April 11 (Bloomberg) -- Rubber climbed to a two-week high as Japan’s currency neared 100 per dollar, its weakest level since 2009, bolstering demand for the yen-based futures.
Futures for delivery in September rose 0.4 percent to settle at 276.9 yen a kilogram ($2,779 a metric ton) on the Tokyo Commodity Exchange, the highest close for the most-active contract since March 27. That trimmed this year’s losses to 8.5 percent. Earlier, rubber advanced to 280.8 yen.
The yen came under pressure amid speculation money will flow out of Japan in search of higher yields as the nation’s central bank eases monetary policy to spur inflation. The currency also declined as minutes of the Federal Reserve meeting in March showed several officials said the central bank should begin tapering its quantitative easing program later this year.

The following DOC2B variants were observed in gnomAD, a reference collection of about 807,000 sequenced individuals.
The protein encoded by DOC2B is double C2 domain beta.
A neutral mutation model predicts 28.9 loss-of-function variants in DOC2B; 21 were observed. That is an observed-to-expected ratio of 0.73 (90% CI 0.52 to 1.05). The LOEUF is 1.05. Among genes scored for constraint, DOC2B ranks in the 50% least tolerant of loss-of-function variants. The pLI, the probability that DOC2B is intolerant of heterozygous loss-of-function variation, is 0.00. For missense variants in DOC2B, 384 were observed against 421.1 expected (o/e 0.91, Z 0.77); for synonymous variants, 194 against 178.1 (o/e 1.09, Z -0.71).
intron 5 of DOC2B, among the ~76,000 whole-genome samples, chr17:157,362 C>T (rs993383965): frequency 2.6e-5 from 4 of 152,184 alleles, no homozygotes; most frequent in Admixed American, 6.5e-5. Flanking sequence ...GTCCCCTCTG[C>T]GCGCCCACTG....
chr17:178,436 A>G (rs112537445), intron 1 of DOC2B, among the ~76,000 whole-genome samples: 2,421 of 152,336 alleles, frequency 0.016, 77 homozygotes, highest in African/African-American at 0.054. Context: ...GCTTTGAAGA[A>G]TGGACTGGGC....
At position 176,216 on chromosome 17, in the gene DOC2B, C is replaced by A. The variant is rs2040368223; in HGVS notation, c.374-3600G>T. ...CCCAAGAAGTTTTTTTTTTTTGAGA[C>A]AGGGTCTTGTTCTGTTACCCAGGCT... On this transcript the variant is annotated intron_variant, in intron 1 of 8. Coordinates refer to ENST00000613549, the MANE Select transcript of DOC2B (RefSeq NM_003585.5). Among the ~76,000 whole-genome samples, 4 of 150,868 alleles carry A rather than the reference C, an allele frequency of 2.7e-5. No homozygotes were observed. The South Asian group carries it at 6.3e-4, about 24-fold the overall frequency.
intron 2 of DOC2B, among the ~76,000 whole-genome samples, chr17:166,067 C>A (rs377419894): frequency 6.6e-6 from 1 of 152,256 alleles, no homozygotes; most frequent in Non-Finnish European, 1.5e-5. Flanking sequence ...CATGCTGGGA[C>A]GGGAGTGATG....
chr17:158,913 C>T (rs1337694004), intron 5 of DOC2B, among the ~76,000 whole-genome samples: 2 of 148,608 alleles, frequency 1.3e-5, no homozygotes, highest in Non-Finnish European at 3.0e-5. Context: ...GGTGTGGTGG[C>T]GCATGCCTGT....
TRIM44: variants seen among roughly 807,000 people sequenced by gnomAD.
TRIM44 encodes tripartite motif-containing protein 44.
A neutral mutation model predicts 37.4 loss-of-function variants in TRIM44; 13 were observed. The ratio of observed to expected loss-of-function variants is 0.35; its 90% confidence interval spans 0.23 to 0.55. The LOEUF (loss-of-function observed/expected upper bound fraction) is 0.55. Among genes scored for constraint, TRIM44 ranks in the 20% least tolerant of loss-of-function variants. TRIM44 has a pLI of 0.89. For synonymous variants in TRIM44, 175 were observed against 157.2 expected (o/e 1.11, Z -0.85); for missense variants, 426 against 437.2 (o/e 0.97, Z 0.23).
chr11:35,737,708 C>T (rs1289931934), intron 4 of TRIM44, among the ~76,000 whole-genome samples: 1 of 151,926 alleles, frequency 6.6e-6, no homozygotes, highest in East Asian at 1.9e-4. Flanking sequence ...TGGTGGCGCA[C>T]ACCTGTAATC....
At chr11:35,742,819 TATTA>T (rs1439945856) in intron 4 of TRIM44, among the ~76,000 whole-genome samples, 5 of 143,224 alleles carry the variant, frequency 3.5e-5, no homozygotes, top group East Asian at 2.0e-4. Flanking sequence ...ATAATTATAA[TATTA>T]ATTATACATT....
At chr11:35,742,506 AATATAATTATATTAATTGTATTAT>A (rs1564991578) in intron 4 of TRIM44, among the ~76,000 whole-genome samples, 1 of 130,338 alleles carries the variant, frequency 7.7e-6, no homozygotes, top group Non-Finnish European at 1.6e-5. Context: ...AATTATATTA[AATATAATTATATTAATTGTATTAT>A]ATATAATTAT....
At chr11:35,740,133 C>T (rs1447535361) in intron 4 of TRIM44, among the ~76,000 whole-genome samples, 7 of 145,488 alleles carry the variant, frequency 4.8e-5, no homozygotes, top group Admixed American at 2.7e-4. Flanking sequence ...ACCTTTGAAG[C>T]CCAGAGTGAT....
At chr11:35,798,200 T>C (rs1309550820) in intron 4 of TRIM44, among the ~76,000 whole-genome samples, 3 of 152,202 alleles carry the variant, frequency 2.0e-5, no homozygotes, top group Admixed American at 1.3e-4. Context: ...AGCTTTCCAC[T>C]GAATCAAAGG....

“The currency market gave the largest support to rubber futures,” Kazuhiko Saito, an analyst at broker Fujitomi Co. in Tokyo, said by phone today.
Futures also advanced on expectations top producers may take additional measures to support prices, he said. Thailand, Indonesia and Malaysia, which represent 70 percent of global rubber output, are holding a three-day meeting through tomorrow.
Thai rubber free-on-board added 1.2 percent to 83.25 baht ($2.87) a kilogram today, according to the Rubber Research Institute of Thailand. The price rebounded after touching 81.75 baht on April 5, the lowest level since November 2009.
Global natural-rubber reserves are poised to advance to the highest level in 13 years as production exceeds consumption through next year, pressuring prices, according to London-based industry adviser The Rubber Economist.
On the Shanghai Futures Exchange, the contract for September delivery lost 1.7 percent to close at 21,460 yuan ($3,463) a ton.
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